by Daniel James Brown

Format: Hardcover

Dimensions: 288 Pages, 5.91 × 8.66 × 0.79 in

Published: May 1, 2006

Publisher: Lyons Press

Language: English

The following ISBNs are associated with this title:

ISBN - 10: 1592288634

ISBN - 13: 9781592288632

About the Book

One of North Americas most destructive fires and the amazing true story of how its survivors escaped to change a nation

Table of Contents

CONTENTS

Foreword
Chapter One: Night Music
Chapter Two: Morning
Chapter Three: Home Sweet Home
Chapter Four: Something Wicked
Chapter Five: The Cauldron
Chapter Six: Ragnarok
Chapter Seven: Under the Stone
Chapter Eight: Into the Ring
Chapter Nine: Out of the Ashes
Chapter Ten: The Broken Season
Epilogue
Afterword

From the Publisher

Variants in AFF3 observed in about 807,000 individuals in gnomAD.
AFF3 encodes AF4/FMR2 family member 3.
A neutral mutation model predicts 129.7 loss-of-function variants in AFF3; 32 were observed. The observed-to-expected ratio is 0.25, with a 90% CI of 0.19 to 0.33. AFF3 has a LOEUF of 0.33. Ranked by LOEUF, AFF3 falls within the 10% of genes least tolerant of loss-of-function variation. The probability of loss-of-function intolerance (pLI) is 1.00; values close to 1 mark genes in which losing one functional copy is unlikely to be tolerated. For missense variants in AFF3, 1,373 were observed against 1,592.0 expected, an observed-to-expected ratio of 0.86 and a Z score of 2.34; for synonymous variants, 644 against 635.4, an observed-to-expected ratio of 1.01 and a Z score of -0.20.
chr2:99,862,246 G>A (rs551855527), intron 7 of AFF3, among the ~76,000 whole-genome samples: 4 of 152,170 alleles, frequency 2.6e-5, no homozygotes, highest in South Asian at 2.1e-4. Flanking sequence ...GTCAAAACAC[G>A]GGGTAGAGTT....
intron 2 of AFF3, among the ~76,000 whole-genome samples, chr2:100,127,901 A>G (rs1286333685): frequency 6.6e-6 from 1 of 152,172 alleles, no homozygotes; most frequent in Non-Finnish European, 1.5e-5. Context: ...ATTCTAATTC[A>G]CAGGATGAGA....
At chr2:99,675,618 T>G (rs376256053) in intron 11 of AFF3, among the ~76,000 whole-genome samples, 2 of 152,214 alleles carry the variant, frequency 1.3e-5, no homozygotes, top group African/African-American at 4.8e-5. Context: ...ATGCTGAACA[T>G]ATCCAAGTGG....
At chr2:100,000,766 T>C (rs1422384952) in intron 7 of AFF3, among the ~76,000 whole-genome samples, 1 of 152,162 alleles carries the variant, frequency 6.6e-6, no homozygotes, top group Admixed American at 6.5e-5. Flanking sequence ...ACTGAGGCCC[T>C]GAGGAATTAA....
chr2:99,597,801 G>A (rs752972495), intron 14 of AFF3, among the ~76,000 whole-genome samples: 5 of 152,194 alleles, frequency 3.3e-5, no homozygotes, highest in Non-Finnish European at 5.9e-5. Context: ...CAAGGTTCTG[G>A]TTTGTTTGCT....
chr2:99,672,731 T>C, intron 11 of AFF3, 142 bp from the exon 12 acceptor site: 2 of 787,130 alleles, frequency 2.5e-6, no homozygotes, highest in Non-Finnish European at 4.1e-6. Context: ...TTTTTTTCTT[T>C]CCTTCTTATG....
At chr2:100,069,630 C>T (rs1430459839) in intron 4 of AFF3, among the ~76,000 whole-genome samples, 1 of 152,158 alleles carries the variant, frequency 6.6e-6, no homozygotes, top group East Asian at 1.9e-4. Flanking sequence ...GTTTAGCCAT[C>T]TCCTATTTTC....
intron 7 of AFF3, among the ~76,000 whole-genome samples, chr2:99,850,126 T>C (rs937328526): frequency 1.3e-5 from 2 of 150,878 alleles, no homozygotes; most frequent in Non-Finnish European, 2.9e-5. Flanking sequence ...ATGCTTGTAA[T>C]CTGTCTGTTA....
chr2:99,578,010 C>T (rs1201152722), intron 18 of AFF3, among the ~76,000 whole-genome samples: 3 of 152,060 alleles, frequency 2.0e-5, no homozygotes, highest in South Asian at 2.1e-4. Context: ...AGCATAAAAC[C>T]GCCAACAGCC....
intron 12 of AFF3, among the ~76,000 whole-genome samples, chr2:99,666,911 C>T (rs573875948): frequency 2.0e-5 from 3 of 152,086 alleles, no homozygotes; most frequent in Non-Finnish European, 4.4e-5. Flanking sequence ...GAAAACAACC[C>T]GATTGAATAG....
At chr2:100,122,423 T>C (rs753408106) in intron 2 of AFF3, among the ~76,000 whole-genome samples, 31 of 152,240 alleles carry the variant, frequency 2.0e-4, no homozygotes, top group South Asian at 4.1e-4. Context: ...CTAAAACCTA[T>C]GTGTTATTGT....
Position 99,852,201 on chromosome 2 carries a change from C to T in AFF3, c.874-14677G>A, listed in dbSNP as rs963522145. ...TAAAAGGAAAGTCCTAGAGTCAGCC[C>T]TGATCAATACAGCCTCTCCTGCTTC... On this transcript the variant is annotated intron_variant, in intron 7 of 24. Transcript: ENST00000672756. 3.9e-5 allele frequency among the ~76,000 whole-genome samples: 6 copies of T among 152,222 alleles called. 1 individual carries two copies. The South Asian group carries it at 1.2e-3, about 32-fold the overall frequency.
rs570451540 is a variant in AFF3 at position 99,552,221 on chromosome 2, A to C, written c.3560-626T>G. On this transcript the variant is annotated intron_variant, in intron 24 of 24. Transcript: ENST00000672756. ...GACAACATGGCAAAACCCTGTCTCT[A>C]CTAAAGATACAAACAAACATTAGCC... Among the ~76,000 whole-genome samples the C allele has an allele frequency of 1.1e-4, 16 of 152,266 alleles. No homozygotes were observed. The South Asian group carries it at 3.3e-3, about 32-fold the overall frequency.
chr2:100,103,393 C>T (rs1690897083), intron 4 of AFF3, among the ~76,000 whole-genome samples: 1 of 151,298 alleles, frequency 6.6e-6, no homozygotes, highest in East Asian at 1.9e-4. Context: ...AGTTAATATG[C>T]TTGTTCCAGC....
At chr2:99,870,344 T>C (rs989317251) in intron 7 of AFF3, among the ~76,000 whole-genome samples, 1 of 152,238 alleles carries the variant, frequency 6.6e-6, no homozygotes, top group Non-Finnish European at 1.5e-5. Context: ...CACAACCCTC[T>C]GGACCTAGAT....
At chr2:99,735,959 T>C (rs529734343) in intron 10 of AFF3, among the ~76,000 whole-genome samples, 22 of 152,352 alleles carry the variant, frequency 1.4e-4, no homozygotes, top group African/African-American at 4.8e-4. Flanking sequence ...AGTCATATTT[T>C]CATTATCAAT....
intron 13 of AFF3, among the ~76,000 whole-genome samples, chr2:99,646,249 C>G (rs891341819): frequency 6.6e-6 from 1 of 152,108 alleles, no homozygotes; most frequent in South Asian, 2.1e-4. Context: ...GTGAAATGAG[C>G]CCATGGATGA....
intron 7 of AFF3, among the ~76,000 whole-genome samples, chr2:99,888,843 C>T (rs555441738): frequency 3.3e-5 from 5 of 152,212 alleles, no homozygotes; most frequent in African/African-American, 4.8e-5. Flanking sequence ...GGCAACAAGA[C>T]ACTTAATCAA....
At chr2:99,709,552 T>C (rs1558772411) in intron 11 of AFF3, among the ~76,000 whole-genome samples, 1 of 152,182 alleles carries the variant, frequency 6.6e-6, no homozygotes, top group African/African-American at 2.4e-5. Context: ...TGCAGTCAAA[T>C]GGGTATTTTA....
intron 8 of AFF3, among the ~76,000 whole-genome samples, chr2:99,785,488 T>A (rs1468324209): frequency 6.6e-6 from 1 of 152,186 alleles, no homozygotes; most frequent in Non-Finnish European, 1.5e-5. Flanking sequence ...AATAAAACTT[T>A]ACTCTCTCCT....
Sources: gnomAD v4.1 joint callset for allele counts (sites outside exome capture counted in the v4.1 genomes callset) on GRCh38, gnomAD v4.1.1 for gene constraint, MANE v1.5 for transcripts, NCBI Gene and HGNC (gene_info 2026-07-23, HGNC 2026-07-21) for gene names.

On September 1, 1894 two forest fires converged on the town of Hinckley, Minnesota, trapping over 2,000 people. Daniel J. Brown recounts the events surrounding the fire in the first and only book on to chronicle the dramatic story that unfolded. Whereas Oregon''s famous "Biscuit" fire in 2002 burned 350,000 acres in one week, the Hinckley fire did the same damage in five hours. The fire created its own weather, including hurricane-strength winds, bubbles of plasma-like glowing gas, and 200-foot-tall flames. In some instances, "fire whirls," or tornadoes of fire, danced out from the main body of the fire to knock down buildings and carry flaming debris into the sky. Temperatures reached 1,600 degrees Fahrenheit--the melting point of steel. As the fire surrounded the town, two railroads became the only means of escape. Two trains ran the gauntlet of fire. One train caught on fire from one end to the other. The heroic young African-American porter ran up and down the length of the train, reassuring the passengers even as the flames tore at their clothes. On the other train, the engineer refused to back his locomotive out of town until the last possible minute of escape. In all, more than 400 people died, leading to a revolution in forestry management practices and federal agencies that monitor and fight wildfires today.